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Goldmann tonometer error correcting prism: clinical evaluation

Overview of attention for article published in Clinical Ophthalmology, May 2017
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About this Attention Score

  • Above-average Attention Score compared to outputs of the same age (59th percentile)
  • Good Attention Score compared to outputs of the same age and source (69th percentile)

Mentioned by

twitter
3 tweeters

Citations

dimensions_citation
7 Dimensions

Readers on

mendeley
5 Mendeley
Title
Goldmann tonometer error correcting prism: clinical evaluation
Published in
Clinical Ophthalmology, May 2017
DOI 10.2147/opth.s135272
Pubmed ID
Authors

Sean McCafferty, Garrett Lim, William Duncan, Eniko Enikov, jim schwiegerling, jason levine, corin kew

Abstract

Clinically evaluate a modified applanating surface Goldmann tonometer prism designed to substantially negate errors due to patient variability in biomechanics. A modified Goldmann prism with a correcting applanation tonometry surface (CATS) was mathematically optimized to minimize the intraocular pressure (IOP) measurement error due to patient variability in corneal thickness, stiffness, curvature, and tear film adhesion force. A comparative clinical study of 109 eyes measured IOP with CATS and Goldmann prisms. The IOP measurement differences between the CATS and Goldmann prisms were correlated to corneal thickness, hysteresis, and curvature. The CATS tonometer prism in correcting for Goldmann central corneal thickness (CCT) error demonstrated a reduction to <±2 mmHg in 97% of a standard CCT population. This compares to only 54% with CCT error <±2 mmHg using the Goldmann prism. Equal reductions of ~50% in errors due to corneal rigidity and curvature were also demonstrated. The results validate the CATS prism's improved accuracy and expected reduced sensitivity to Goldmann errors without IOP bias as predicted by mathematical modeling. The CATS replacement for the Goldmann prism does not change Goldmann measurement technique or interpretation.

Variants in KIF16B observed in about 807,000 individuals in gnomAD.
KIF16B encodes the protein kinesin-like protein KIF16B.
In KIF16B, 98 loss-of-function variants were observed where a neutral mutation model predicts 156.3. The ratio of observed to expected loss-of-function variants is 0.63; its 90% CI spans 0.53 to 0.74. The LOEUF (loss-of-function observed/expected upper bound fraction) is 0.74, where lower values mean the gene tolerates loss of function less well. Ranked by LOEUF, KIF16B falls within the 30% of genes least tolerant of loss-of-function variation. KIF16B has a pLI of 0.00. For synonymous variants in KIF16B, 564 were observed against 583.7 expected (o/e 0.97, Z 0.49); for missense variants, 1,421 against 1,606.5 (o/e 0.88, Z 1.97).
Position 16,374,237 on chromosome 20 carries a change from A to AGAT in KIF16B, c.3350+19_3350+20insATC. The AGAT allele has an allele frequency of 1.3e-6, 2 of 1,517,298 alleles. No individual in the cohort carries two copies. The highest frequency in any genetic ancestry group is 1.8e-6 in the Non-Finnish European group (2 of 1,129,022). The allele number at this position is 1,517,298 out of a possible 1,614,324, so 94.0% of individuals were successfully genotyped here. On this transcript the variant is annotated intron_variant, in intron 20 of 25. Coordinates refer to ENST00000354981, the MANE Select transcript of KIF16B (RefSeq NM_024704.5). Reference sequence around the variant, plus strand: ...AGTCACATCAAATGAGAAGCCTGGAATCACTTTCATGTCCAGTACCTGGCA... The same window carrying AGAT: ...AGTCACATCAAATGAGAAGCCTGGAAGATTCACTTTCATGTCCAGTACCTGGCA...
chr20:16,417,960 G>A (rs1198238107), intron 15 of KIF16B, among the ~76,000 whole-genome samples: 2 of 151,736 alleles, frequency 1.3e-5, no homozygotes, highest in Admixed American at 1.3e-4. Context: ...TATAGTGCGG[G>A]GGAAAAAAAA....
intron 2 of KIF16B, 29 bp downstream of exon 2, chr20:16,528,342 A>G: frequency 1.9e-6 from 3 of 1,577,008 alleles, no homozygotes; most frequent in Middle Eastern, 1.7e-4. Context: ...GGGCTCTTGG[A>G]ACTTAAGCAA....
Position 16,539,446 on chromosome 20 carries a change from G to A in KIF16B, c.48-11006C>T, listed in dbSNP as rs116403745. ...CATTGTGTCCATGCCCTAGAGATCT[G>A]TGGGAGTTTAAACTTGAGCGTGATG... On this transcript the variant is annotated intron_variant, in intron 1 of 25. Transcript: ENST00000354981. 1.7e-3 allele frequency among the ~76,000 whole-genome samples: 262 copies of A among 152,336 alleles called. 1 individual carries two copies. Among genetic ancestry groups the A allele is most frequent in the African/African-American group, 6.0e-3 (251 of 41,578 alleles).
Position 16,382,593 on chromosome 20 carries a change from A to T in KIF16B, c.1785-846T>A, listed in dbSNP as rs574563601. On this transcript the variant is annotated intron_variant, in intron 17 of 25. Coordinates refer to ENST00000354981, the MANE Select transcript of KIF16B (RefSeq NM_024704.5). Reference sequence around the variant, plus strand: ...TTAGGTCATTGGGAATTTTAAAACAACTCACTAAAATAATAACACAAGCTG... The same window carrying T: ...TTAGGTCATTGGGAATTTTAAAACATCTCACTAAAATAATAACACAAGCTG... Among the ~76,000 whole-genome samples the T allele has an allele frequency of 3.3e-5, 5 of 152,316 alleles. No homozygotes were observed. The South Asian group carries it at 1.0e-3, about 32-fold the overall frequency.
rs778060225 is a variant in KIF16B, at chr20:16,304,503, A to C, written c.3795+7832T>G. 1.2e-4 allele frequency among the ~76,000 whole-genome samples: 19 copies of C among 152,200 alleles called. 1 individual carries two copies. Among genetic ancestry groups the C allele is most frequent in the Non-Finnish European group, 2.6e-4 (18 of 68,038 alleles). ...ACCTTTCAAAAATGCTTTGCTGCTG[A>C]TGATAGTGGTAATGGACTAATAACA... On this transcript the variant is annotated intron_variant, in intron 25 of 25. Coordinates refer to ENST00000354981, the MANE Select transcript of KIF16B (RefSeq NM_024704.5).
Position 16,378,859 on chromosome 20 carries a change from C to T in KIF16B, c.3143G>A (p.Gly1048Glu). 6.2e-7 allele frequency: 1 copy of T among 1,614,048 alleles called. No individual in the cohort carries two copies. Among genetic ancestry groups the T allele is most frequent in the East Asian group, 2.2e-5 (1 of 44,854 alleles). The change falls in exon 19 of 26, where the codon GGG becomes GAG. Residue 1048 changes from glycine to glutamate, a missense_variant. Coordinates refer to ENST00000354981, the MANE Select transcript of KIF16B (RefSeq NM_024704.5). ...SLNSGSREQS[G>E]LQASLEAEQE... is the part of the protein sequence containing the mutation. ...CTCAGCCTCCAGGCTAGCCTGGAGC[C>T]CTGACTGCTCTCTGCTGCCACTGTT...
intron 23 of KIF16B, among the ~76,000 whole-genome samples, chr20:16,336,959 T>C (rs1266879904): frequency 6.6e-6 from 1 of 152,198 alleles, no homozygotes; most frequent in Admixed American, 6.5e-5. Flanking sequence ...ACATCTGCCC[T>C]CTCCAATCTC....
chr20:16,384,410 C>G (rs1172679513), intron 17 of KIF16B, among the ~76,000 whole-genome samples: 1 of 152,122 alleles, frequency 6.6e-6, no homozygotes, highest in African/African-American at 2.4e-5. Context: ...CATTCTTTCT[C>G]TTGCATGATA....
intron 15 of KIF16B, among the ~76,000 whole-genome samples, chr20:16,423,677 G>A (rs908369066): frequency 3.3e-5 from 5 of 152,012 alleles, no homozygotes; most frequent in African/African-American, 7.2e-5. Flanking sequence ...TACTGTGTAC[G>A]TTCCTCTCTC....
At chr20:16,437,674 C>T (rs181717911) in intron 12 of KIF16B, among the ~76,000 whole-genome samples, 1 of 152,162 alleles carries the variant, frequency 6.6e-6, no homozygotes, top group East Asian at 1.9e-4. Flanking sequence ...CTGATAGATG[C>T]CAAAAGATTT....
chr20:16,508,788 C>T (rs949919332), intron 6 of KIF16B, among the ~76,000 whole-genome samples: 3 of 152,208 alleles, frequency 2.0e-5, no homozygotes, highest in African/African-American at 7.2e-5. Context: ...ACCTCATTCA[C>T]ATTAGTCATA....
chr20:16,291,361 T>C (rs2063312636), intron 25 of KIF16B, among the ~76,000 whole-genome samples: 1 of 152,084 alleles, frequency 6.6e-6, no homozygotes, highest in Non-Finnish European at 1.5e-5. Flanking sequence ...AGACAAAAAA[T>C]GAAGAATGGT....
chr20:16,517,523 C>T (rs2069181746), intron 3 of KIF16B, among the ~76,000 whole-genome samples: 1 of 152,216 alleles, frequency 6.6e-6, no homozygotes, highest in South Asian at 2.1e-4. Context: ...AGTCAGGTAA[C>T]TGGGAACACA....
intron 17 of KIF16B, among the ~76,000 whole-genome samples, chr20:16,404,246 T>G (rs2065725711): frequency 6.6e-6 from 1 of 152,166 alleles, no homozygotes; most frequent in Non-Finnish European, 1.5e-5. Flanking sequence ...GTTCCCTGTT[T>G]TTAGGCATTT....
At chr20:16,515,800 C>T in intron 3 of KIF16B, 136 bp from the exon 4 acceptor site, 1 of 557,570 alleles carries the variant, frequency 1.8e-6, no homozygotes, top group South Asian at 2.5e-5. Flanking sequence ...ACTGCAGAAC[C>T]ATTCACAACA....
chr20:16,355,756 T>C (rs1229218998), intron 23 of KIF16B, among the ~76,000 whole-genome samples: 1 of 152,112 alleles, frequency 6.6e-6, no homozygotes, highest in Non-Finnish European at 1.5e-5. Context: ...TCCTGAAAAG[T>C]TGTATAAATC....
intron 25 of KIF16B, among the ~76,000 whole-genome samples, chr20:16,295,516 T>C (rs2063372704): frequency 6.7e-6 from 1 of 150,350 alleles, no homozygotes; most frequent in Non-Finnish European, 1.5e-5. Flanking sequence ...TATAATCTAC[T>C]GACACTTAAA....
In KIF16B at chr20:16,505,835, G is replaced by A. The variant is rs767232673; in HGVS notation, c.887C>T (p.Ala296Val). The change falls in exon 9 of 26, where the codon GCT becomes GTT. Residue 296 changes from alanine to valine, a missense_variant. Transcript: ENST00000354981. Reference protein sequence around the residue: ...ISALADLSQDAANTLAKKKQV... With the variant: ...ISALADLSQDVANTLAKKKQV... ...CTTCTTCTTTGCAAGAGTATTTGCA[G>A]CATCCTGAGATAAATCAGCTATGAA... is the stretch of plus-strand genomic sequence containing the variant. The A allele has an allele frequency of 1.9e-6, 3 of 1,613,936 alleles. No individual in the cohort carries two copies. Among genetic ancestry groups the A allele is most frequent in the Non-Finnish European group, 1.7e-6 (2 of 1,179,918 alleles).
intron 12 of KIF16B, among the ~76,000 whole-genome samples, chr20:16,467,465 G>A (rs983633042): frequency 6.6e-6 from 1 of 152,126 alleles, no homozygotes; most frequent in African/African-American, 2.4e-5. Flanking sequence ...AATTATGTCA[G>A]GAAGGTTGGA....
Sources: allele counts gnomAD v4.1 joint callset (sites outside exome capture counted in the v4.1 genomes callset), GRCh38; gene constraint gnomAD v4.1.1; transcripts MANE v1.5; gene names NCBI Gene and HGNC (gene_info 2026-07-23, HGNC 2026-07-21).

Twitter Demographics

The data shown below were collected from the profiles of 3 tweeters who shared this research output. Click here to find out more about how the information was compiled.

Mendeley readers

The data shown below were compiled from readership statistics for 5 Mendeley readers of this research output. Click here to see the associated Mendeley record.

Geographical breakdown

Country Count As %
Unknown 5 100%

Demographic breakdown

Readers by professional status Count As %
Lecturer > Senior Lecturer 1 20%
Student > Master 1 20%
Student > Ph. D. Student 1 20%
Student > Doctoral Student 1 20%
Professor > Associate Professor 1 20%
Other 0 0%
Readers by discipline Count As %
Medicine and Dentistry 3 60%
Engineering 2 40%

Attention Score in Context

This research output has an Altmetric Attention Score of 3. This is our high-level measure of the quality and quantity of online attention that it has received. This Attention Score, as well as the ranking and number of research outputs shown below, was calculated when the research output was last mentioned on 03 June 2017.
All research outputs
#6,490,244
of 12,488,808 outputs
Outputs from Clinical Ophthalmology
#384
of 1,597 outputs
Outputs of similar age
#101,655
of 259,435 outputs
Outputs of similar age from Clinical Ophthalmology
#10
of 33 outputs
Altmetric has tracked 12,488,808 research outputs across all sources so far. This one is in the 47th percentile – i.e., 47% of other outputs scored the same or lower than it.
So far Altmetric has tracked 1,597 research outputs from this source. They receive a mean Attention Score of 3.2. This one has gotten more attention than average, scoring higher than 74% of its peers.
Older research outputs will score higher simply because they've had more time to accumulate mentions. To account for age we can compare this Altmetric Attention Score to the 259,435 tracked outputs that were published within six weeks on either side of this one in any source. This one has gotten more attention than average, scoring higher than 59% of its contemporaries.
We're also able to compare this research output to 33 others from the same source and published within six weeks on either side of this one. This one has gotten more attention than average, scoring higher than 69% of its contemporaries.